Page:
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Gender and Symbolism

Symbolism is not at all prevalent in contemporary, Western Christianity and I think this is an extremely sad state.  Without descending in huge criticism, let me just specify that for transgender Christians symbolism plays an especially important role. Because gender is a symbol. Gender is the symbol of what it means to be female and male. The challenging aspect of this is that while cisgender people get their gender symbols handed to them, their is little symbolism in our culture developed for trans genders and most of that symbolism is derogatory. The utterly positive aspect of gender symbolism is that it provides a fantastic lens to understand and live as trans and an effective tool for communicating our genders to others. To embrace gender symbols is to better fulfill living as human.

I fully believe a reason our culture has denied the existence of trans people for so many centuries while many other cultures have little harmoniously with trans people is our failure to understand and appreciate symbol. Instead, we are obsessed with literalism. Literal understanding is diametrically opposed to symbolic understanding. Literalism is concerned only with the lowest common denominator distilled in a test tube - the essence of a thing is identical to what it is made out of. Thus, taking gender literal allows for no more than biology - sex. Symbolism, however, is concerned with everything else - the essence of a thing is a mixture of its meaning, purpose, past, intuitive impressions, emotions, associations, and everything human.

But symbols are difficult. Many contemporary Christians would simply dismiss the challenge saying, "It's just a symbol. Don't bother." Because Christianity relies on symbols are every step, I think that's heresy. Creation, Revelation, the Incarnation, the Resurrection, and the Kingdom of Heaven are all symbols. Yes, they are literal too, and every thought and feeling ever experienced were literally electronic charges in a grey lump. What matters is the symbol. That's why I cannot ignore symbols.

In Worship

In Orthodoxy, the placement of the sexes during services were once divided with females all standing on one side of the room and males on the other. In a church, the front of the room, the chancel, symbolizes God and naturally the rest of the room represents the Church (or humanity). By dividing the sexes, they symbolize the difference between gendered Creation and God. When I first heard this I felt a twinge because it was not obvious where I as a genderqueer person would fit into such an arrangement. I couldn't properly stand on either side without claiming, "I am really this gender and not the other." In just a few moments, though, the resolution appeared. The person who told me this didn't tell the whole story; a few Christians did not stand in either the female or male sides: the clergy.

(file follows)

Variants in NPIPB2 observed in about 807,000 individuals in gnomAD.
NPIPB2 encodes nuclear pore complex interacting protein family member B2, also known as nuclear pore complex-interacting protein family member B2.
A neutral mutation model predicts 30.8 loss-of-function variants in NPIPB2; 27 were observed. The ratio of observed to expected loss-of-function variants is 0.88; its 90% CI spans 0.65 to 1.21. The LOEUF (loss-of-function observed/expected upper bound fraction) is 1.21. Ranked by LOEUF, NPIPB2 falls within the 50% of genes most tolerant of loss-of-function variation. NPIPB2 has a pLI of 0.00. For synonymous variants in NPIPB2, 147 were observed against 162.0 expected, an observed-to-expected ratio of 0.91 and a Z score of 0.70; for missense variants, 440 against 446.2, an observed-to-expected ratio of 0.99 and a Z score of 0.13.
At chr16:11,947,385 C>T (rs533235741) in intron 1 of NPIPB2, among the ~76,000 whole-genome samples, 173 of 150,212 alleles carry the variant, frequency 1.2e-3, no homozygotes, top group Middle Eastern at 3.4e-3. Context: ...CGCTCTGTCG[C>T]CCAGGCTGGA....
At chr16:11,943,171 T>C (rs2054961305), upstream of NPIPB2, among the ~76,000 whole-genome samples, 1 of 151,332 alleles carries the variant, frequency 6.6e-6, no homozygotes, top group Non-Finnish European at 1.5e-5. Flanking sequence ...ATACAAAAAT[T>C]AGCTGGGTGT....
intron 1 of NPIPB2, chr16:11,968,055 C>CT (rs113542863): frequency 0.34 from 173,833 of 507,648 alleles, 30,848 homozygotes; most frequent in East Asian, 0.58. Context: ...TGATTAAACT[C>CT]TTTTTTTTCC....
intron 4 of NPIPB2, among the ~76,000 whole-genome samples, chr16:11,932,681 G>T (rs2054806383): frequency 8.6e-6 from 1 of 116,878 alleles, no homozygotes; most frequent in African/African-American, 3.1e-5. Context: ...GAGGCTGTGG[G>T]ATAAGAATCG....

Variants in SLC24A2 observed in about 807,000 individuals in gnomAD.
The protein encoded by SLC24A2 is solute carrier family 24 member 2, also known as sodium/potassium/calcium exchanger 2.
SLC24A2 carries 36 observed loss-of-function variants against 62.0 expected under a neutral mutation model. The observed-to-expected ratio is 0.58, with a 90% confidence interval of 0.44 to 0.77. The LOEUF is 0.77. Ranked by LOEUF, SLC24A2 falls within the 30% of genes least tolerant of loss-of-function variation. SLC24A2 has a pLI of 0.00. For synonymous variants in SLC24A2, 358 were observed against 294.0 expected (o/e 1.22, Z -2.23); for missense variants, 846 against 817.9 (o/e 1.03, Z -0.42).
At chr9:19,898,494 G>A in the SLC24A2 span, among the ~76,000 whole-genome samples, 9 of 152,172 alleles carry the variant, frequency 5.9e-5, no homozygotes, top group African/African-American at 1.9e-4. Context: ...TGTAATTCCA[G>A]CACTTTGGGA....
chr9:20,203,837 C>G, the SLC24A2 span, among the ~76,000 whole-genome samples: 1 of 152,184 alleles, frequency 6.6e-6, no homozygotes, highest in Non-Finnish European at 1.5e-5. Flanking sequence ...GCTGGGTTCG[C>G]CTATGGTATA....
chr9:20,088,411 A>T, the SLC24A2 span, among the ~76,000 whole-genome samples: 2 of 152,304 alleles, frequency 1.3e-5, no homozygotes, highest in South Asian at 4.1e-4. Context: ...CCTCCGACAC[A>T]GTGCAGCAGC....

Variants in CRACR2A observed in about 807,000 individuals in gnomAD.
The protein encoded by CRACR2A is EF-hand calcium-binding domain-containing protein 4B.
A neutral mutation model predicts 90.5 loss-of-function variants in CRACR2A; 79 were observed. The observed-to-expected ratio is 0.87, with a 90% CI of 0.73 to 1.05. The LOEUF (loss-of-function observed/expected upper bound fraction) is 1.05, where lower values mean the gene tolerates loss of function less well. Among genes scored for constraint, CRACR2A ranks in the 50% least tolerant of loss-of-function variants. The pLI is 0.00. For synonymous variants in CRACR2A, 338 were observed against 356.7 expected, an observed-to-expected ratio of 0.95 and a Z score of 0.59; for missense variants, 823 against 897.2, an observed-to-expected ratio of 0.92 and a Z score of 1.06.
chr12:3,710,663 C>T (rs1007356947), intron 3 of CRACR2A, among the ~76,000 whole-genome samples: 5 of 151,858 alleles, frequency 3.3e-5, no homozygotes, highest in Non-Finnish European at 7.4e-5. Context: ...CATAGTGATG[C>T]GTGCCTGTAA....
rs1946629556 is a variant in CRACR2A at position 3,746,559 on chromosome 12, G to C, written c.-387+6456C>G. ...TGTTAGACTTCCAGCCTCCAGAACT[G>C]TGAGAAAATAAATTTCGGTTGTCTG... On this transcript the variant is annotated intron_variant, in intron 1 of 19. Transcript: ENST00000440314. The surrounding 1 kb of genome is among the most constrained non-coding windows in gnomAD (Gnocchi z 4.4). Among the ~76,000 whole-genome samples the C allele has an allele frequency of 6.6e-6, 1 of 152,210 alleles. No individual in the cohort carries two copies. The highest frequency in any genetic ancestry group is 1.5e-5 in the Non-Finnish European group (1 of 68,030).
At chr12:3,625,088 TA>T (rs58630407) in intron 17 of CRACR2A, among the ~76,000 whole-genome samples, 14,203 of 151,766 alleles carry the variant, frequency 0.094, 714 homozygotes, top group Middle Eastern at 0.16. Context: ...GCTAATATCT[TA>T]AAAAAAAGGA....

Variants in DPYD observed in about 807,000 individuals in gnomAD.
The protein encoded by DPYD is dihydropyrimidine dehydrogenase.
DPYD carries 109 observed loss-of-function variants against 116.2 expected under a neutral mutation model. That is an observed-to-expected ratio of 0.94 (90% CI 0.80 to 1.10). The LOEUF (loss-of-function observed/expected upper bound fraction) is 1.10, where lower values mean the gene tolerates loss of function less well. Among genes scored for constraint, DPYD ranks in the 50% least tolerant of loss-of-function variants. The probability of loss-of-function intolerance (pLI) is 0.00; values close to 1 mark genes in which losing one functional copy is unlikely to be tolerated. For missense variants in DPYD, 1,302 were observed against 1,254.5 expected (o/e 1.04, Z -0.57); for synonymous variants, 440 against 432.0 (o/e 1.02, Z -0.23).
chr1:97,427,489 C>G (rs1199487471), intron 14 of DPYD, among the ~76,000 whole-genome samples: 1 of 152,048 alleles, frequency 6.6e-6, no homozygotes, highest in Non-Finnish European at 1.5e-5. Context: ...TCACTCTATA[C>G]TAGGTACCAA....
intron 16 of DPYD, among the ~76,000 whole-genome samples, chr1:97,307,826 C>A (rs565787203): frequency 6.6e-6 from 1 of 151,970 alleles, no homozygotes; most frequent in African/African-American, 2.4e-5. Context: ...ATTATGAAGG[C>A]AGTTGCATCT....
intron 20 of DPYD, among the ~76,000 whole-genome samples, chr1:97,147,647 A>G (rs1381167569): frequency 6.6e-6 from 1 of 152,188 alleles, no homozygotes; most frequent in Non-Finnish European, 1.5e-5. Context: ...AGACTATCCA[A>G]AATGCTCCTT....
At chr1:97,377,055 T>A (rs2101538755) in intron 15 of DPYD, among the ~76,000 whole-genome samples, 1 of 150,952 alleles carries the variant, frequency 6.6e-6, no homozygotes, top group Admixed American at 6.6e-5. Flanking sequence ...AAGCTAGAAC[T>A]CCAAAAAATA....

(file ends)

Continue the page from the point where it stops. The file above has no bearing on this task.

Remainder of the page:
Clergy act as the mediators between God and humanity. Or, if you find "mediators" unsettling, call them "aids," "communicators," or "helpers." They do this literally in life and symbolically in worship. They stand between the two groups, speak the Word of God to the Church, speak the word of the Church to God in prayer, and serve the sacraments. In the Orthodox Church the symbols are more abundant: They travel constantly back and forth and all among the congregation, bringing the Holy Spirit, the Scriptures, and the Elements with them. It is through them that the bread and wine become the Body and Blood of Christ. At the finale, the priest literally holds out Jesus where He is reverenced by Christians. All of these things are symbols that the clergy have one foot on earth and one foot in Heaven.

Establishing that, we must contemplate, what is the gender of God? I'm sure you must agree with both me and Christian tradition that God is not locked into one gender or the other but transcends gender as gender is basically a human attribute. The clergy, therefore, must also transcend gender. Sometimes they will be masculine and sometimes feminine. Thus, the clergy are transgender! And genderqueer, more specifically. This is beyond convenience, this is Providence. Even their feminine leaning robes are a testament to this.

See Also

Allusioning Names - People with names symbolizing their identity
Objection: Christ and the Bride Using the symbol of Christ marrying the Church to inform earthly marriage